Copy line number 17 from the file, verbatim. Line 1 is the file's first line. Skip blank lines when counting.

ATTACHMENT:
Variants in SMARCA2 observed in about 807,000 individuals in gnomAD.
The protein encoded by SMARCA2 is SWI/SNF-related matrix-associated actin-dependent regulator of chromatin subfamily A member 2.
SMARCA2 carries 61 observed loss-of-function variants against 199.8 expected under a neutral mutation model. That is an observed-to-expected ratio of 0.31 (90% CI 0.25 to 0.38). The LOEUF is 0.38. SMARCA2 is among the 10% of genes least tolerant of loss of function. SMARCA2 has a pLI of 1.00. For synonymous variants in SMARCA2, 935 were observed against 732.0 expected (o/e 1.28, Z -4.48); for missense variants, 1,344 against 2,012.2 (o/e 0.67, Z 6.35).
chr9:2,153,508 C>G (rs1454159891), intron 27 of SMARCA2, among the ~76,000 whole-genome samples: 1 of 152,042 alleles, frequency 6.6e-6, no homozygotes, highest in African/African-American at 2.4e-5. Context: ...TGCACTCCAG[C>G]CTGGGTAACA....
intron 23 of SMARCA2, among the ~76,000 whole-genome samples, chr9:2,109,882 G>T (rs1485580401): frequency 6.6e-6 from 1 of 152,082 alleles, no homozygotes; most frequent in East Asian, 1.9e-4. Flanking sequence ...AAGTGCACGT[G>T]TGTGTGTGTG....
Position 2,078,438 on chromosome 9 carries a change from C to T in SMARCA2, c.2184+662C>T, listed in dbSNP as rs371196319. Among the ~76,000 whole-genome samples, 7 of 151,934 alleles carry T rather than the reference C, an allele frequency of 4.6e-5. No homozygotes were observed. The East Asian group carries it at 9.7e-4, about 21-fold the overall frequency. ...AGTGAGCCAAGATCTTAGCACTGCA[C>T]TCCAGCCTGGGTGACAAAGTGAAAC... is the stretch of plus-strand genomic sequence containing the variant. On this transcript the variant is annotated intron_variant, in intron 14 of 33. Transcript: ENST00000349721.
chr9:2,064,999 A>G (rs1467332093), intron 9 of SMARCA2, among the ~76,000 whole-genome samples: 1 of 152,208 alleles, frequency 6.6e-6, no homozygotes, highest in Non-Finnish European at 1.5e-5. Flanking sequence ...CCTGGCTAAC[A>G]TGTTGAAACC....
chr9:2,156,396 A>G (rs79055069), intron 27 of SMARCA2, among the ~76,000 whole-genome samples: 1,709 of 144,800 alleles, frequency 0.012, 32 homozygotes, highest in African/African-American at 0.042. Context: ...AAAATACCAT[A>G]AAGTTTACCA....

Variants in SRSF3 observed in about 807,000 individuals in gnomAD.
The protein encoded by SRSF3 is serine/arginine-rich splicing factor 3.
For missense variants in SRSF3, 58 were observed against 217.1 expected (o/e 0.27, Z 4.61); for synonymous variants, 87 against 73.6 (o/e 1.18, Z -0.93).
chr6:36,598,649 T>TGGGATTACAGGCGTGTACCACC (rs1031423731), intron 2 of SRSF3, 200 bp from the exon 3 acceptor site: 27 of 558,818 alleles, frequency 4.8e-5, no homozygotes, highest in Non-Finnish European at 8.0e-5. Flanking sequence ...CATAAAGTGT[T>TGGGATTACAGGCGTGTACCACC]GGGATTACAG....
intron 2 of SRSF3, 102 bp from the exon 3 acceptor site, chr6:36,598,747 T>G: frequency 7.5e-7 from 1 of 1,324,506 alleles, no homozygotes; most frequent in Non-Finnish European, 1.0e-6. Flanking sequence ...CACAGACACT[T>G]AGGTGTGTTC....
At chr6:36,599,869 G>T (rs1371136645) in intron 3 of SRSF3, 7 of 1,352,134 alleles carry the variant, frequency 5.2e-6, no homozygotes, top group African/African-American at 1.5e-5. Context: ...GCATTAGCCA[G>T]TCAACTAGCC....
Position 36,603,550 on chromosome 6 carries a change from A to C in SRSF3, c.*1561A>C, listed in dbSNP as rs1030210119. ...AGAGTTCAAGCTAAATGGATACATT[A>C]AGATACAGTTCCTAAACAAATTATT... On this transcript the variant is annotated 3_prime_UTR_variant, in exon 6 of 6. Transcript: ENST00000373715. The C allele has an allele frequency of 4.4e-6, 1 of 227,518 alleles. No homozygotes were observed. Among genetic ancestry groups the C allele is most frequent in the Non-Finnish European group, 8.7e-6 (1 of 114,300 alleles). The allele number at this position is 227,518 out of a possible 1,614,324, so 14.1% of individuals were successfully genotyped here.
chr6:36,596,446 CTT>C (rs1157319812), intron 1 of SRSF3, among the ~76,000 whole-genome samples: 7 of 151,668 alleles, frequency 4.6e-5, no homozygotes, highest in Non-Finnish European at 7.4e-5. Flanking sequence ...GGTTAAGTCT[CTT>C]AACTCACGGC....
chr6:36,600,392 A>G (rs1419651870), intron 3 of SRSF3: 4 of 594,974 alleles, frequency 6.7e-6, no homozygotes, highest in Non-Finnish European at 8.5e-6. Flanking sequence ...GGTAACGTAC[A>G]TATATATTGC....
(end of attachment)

chr6:36,600,392 A>G (rs1419651870), intron 3 of SRSF3: 4 of 594,974 alleles, frequency 6.7e-6, no homozygotes, highest in Non-Finnish European at 8.5e-6. Flanking sequence ...GGTAACGTAC[A>G]TATATATTGC....